A new study has explored the amount of radiation that will be faced by astronauts on the lunar surface. The astronauts will be exposed to 60 microsieverts per hour, which is up to 200 times the amount of radiation present on the surface of our planet.
Extended stays on the surface of the Moon will lead to high doses of radiation. Previous research has inferred that radiation is relatively high on the Moon since it lacks the presence of an atmosphere or magnetic field that could shield it.
New information has been collected with the help of the Lander Neutron and Dosimetry (also known as LND), a tool present among a lander included in the Chang’3 4 moon mission, which was the first to complete a soft touchdown on the dark side of the Moon.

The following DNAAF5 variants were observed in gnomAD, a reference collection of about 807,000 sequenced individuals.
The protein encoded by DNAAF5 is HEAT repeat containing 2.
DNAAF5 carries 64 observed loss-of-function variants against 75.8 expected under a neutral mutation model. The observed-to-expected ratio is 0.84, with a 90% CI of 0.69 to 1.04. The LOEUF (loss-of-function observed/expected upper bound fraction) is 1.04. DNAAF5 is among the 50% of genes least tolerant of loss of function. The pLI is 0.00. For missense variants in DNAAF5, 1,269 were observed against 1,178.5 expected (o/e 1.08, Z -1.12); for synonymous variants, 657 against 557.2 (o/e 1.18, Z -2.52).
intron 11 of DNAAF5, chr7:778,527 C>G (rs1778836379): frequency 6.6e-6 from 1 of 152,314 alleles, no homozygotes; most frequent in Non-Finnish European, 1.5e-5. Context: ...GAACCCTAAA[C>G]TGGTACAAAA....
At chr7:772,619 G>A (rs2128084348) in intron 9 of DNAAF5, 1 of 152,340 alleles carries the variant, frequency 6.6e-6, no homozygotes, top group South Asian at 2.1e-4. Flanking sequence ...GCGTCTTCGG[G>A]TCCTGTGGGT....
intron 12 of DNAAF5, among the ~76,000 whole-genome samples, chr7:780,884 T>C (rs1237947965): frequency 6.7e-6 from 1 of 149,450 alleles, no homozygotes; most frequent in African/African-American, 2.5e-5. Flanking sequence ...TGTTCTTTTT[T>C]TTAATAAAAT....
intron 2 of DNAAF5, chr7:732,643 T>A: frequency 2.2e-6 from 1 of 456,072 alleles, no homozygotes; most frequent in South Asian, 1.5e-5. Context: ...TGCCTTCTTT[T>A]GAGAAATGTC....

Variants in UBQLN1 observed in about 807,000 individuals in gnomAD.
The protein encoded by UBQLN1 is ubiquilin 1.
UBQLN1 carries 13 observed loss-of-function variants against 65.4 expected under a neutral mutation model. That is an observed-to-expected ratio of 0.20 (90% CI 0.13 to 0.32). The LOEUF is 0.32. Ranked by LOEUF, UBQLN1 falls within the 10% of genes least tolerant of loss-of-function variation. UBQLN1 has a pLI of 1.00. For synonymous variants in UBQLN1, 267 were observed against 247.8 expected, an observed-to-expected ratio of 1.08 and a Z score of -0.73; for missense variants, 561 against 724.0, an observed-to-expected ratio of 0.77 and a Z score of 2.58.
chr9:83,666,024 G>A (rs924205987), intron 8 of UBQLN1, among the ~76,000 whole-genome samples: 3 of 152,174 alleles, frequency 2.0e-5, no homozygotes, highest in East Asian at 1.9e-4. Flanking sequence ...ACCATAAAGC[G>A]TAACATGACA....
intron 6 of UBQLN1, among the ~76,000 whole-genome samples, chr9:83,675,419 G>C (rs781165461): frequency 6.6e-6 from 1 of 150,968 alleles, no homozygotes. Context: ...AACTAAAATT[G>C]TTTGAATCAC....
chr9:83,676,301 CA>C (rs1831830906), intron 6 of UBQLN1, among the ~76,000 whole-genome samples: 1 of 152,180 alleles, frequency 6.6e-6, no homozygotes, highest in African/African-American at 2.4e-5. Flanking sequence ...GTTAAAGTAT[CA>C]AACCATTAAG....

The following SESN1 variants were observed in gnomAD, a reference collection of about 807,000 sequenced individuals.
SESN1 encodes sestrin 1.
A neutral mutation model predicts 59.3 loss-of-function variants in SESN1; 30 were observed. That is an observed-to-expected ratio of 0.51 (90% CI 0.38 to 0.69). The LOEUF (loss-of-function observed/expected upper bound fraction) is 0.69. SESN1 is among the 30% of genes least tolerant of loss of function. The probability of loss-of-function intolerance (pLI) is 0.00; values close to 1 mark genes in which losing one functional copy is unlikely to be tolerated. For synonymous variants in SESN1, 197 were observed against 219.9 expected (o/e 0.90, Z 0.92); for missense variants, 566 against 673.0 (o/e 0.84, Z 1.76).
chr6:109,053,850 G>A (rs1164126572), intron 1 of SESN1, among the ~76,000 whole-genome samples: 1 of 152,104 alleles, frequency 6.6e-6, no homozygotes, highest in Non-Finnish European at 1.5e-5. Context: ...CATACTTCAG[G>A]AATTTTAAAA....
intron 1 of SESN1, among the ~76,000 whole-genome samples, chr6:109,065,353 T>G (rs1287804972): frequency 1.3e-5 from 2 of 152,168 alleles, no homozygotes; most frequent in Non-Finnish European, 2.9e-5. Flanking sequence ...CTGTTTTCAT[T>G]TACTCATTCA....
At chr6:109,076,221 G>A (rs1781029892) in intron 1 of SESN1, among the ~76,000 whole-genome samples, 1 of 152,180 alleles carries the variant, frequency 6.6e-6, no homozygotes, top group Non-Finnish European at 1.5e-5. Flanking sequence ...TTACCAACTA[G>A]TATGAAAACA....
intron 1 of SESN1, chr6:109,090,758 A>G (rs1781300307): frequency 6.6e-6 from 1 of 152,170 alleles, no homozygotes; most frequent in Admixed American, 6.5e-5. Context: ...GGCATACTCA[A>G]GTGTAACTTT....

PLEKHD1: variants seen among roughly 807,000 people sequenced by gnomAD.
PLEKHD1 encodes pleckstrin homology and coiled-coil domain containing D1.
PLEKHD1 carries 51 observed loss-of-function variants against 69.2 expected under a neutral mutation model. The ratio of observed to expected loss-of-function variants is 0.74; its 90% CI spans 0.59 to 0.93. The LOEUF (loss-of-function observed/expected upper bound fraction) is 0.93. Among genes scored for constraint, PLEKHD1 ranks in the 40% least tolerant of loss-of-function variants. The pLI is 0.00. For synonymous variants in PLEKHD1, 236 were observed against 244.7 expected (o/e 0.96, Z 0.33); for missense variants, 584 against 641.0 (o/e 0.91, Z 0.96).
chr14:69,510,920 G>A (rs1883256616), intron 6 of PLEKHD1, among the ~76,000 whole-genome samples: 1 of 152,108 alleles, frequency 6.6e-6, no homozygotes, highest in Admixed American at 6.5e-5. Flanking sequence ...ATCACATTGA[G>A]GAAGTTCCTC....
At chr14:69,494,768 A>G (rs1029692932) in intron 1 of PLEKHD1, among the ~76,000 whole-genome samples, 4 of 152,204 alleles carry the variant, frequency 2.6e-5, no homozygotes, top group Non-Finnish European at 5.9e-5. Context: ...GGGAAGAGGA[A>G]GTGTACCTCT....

Since the LND is protected by a partial shield, the values which are detected are similar to the ones that could be encountered in a spacesuit. Around 75% of the radiation present on the Moon comes from galactic cosmic rays, which are released by distant supernova events.
Not an obstacle
The Artemis program includes the goal to return to the surface of the Moon by 2024, as well as the establishment of a permanent base. By creating a permanent outpost on space NASA and other space agencies will gain access to a strategic launch site for more distant missions.
While older astronauts could face a substantially higher amount of radiation, even young astronauts could spend up to 700 days on the surface of the Moon before they reach the lifetime exposure limit. NASA will also make safe schedules that would limit the exposure to radiation for astronauts, as is the case case for ISS astronauts, who aren’t exposed to more than 50,000 microsieverts per year.
The study has been published in a scientific journal.